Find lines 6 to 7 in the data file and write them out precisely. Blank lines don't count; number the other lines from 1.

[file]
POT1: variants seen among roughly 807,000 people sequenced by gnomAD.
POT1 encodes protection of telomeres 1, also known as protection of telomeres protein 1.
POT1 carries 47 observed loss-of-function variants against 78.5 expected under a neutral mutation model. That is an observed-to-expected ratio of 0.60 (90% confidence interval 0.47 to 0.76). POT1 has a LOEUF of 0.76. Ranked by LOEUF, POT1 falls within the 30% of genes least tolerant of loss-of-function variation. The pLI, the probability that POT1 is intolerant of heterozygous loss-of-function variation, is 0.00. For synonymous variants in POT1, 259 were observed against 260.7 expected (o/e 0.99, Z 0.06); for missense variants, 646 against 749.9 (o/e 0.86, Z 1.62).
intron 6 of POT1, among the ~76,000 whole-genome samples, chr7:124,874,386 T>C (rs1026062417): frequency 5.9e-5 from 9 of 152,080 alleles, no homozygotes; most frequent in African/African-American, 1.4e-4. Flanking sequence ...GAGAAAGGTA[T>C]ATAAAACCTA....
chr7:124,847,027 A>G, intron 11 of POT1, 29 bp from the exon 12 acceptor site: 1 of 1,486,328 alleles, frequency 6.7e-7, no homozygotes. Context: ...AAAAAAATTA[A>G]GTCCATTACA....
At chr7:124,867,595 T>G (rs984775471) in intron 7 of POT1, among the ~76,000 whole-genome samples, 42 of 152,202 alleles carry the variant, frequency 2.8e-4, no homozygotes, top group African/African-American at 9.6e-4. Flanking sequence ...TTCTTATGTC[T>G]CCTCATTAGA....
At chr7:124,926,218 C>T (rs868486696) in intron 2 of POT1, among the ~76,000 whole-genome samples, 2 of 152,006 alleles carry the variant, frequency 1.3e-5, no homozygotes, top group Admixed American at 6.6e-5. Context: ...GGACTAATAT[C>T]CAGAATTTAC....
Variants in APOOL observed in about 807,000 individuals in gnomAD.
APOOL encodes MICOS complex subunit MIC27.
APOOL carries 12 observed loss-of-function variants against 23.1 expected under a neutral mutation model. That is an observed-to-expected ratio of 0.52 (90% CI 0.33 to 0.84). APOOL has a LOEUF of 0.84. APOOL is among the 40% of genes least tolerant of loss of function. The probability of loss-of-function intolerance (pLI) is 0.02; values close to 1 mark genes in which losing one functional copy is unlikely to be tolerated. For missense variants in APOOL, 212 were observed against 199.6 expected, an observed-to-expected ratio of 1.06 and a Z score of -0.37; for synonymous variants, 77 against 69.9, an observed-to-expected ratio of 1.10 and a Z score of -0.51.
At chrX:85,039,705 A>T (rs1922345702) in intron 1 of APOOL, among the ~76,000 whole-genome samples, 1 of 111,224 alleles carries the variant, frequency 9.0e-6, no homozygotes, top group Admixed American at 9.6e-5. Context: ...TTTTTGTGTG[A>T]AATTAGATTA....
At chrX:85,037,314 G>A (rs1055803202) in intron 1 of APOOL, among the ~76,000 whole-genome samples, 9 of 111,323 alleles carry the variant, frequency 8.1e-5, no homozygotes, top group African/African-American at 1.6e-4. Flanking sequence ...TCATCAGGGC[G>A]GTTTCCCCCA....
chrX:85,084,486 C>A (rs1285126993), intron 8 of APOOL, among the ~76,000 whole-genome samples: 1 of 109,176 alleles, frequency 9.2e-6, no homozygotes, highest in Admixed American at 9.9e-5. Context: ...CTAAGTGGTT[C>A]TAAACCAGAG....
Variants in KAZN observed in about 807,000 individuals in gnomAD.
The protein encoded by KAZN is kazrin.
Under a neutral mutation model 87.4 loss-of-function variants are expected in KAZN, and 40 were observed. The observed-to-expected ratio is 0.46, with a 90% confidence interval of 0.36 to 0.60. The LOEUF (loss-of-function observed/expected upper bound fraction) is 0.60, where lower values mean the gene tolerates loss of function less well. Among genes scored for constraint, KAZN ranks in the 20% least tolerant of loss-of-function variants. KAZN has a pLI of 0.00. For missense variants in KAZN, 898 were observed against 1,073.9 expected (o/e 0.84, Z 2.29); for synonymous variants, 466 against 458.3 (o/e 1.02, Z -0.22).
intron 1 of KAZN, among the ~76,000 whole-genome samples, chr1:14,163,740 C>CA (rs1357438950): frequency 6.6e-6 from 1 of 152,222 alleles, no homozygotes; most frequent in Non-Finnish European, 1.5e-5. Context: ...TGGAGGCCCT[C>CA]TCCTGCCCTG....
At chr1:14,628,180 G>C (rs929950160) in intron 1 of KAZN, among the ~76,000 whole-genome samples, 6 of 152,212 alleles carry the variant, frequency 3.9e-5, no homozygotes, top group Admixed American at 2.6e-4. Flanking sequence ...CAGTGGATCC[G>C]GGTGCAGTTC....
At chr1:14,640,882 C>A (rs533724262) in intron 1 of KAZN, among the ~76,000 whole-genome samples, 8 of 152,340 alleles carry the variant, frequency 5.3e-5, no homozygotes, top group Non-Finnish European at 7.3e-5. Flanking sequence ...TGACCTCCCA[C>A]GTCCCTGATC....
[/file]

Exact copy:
At chr7:124,867,595 T>G (rs984775471) in intron 7 of POT1, among the ~76,000 whole-genome samples, 42 of 152,202 alleles carry the variant, frequency 2.8e-4, no homozygotes, top group African/African-American at 9.6e-4. Flanking sequence ...TTCTTATGTC[T>G]CCTCATTAGA....
At chr7:124,926,218 C>T (rs868486696) in intron 2 of POT1, among the ~76,000 whole-genome samples, 2 of 152,006 alleles carry the variant, frequency 1.3e-5, no homozygotes, top group Admixed American at 6.6e-5. Context: ...GGACTAATAT[C>T]CAGAATTTAC....